Jayawardene happy to quieten England chirps

England

Sri Lanka batsman Mahela Jayawardene's judgment of England's performance on day four of the second and final Test at Leeds in Headingley was all but damning on Monday.

Sri Lanka batsman Mahela Jayawardene's judgment of England's performance on day four of the second and final Test at Leeds in Headingley was all but damning on Monday.

The tourists romped to a formidable total of 457 all out on the back of a fine century from captain Angelo Mathews and a complementary half-ton from Jayawardene – and later reduced the hosts to 57 for five.

The hosts' attack largely failed in a rather obvious attempt to bowl the ball short. Mathews and Jayawardene and tail-ender Rangana Herath, who struck an enterprising 48, duly capitalised.

"They were quite chirpy but they quietened up after the first hour or so. We know who is on top and who is not. They probably got quite a few verbals from us when they came to bat and they'll definitely get some more," said Jayawardene.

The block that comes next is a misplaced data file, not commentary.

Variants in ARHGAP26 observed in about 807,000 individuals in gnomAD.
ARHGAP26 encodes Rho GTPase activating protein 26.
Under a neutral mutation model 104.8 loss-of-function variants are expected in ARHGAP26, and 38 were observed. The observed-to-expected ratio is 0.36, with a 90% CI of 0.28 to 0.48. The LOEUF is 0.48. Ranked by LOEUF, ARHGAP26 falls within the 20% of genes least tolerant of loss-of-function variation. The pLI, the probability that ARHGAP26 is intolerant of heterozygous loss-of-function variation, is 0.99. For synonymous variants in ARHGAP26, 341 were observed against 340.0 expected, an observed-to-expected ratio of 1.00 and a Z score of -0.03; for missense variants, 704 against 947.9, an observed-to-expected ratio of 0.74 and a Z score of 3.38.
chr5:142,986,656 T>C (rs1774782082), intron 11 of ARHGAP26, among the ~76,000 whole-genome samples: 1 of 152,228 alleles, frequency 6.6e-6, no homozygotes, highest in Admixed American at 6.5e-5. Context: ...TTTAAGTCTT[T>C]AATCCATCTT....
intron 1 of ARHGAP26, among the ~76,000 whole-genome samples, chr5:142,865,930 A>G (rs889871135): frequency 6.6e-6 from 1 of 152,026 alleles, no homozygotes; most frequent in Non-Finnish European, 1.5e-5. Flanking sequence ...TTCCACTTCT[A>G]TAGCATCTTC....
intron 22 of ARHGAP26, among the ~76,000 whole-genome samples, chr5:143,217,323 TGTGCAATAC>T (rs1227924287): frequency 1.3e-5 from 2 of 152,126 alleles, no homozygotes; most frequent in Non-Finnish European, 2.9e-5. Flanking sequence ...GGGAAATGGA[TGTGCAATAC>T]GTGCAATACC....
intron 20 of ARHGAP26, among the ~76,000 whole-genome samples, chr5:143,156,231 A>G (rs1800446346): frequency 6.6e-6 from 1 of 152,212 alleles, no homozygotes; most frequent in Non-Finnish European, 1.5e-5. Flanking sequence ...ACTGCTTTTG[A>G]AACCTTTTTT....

"We've seen that under pressure they're not quite up to it so we'll definitely look forward to Tuesday – there's a few young guys to come in and they'll get some as well. We were telling a couple of their batsman that.

"Their idea of hurting us and hitting us on the head probably doesn't work. If you're getting that good length up front, getting the ball to do a bit and being patient, one way or another people will nick it. We were disciplined enough. We had to get a few hits on our bodies, but I'm sure we'll have a good laugh about it."

English captain Alastair Cook's wretched stretch of form continued on Monday. His latest failure brought a 24th consecutive innings without a Test century. Having struck two boundaries en route to a promising 17, the left-handed Cook attempted a third in pulling a short ball from fast bowler Dhammika Prasad. However, he succeeded only in chopping the ball onto his stumps.

"I definitely feel for him. Forget about things you can't control and control the things you can. All that pressure comes from outside, you can't control that," added former skipper Jayawardene.

"I always felt as a captain before you are captain you are a player – you need to contribute to the team. You have 11 guys and you're part of that. You can't think about too many things."

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